A common bug called respiratory syncytial virus (RSV) can affect anyone, but affects infants at a higher rate. Because of this Black women who often give birth to premature babies are at risk of their child developing RSV. This virus doesn’t normally begin circulating among American kids until late fall, but has gotten an earlier start this year. As kids head back to school, this may cause concern for parents who don’t know how to tell the symptoms apart from COVID-19, experts say.
Getting RSV during the summer is unusual, but the U.S. Centers for Disease Control and Prevention recently issued an alert about a rise in RSV cases in Southern states.
READ: RSV Respiratory Illnesses Rising for Babies, Experts Warn
“We’re seeing more winter-like viruses this summer than we’ve ever seen,” Dr. Steven Abelowitz, medical director of Coastal Kids, a pediatric group in Orange County, Calif says. “We are speculating that over the last few months, with society opening up after lockdowns, viruses are surging up a bit because kids are now exposed more than they were prior.”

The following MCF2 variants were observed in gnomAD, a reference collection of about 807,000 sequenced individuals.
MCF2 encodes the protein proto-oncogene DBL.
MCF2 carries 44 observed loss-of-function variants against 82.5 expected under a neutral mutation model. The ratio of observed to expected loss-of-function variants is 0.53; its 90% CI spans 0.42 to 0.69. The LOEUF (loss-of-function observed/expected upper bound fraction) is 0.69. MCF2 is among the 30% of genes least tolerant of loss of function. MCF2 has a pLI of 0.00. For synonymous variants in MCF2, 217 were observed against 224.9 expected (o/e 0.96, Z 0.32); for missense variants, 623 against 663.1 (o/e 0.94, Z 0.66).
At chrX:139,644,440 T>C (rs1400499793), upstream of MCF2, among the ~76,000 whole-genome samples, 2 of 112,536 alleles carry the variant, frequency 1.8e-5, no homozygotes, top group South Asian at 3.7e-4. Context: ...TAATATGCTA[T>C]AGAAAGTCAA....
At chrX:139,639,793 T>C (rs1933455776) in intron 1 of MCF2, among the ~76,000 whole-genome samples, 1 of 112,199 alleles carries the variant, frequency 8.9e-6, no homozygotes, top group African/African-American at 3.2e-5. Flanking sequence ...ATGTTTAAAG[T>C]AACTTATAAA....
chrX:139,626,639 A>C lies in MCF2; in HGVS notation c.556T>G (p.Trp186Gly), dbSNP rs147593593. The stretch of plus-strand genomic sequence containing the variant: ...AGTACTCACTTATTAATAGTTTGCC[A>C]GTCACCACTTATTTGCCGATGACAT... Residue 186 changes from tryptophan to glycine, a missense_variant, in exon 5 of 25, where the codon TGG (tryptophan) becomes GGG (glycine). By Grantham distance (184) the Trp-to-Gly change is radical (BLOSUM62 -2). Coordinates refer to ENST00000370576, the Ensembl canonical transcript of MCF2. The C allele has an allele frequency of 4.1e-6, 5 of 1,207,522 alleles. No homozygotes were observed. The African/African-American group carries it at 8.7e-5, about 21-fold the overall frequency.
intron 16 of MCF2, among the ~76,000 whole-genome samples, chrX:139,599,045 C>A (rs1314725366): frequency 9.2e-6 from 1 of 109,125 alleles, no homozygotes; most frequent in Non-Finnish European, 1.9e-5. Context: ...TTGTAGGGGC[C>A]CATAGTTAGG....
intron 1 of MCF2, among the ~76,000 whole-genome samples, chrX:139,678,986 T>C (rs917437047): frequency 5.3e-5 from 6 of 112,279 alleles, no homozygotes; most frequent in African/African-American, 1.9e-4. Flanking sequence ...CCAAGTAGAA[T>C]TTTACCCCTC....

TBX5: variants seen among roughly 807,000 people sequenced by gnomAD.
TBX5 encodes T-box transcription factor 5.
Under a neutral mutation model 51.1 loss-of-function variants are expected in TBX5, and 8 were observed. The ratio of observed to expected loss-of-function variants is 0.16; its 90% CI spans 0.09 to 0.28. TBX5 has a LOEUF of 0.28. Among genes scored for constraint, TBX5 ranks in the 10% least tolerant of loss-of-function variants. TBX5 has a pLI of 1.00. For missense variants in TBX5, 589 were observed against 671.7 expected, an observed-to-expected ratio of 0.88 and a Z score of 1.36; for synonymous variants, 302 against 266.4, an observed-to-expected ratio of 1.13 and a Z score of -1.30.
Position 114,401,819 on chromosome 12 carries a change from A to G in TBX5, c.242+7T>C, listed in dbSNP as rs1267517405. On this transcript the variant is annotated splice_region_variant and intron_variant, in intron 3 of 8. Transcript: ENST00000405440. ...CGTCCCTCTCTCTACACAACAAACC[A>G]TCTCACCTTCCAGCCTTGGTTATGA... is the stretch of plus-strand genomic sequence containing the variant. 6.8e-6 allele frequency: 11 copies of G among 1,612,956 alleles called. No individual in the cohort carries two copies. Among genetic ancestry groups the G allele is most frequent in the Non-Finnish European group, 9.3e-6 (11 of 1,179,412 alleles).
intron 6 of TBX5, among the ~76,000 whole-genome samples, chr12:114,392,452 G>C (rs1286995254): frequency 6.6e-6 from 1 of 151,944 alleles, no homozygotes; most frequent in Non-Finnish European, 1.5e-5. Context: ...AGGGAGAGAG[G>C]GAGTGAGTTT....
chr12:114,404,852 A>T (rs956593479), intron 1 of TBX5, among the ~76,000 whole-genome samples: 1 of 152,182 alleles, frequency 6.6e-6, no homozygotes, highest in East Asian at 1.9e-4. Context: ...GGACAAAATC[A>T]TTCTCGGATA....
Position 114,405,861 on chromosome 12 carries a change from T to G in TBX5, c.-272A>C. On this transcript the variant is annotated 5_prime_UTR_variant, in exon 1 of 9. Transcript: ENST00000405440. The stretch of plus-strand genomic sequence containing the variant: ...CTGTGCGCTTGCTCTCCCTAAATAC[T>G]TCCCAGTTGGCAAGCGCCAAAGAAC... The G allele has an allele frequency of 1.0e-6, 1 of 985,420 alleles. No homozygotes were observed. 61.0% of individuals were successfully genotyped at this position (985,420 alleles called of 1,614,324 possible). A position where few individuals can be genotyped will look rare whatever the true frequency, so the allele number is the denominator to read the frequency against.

RSV affects the nose, throat and lungs. In most people, it causes cough, runny nose and sometimes a fever. Symptoms usually last seven to 10 days, but some kids develop a cough that takes up to six weeks to clear.
RSV can also cause pneumonia or bronchiolitis (inflammation of small airways in the lungs) in babies. People older than 50 with heart or lung disease are also at risk of complications from RSV.
The virus is highly contagious. If your child gets it, keep him or her away from anyone who is at high risk of serious illness from the virus, experts from the Children’s Hospital Los Angeles advised.
What should you do if you suspect your child may have RSV symptoms?
If your child has RSV symptoms, the first thing to do is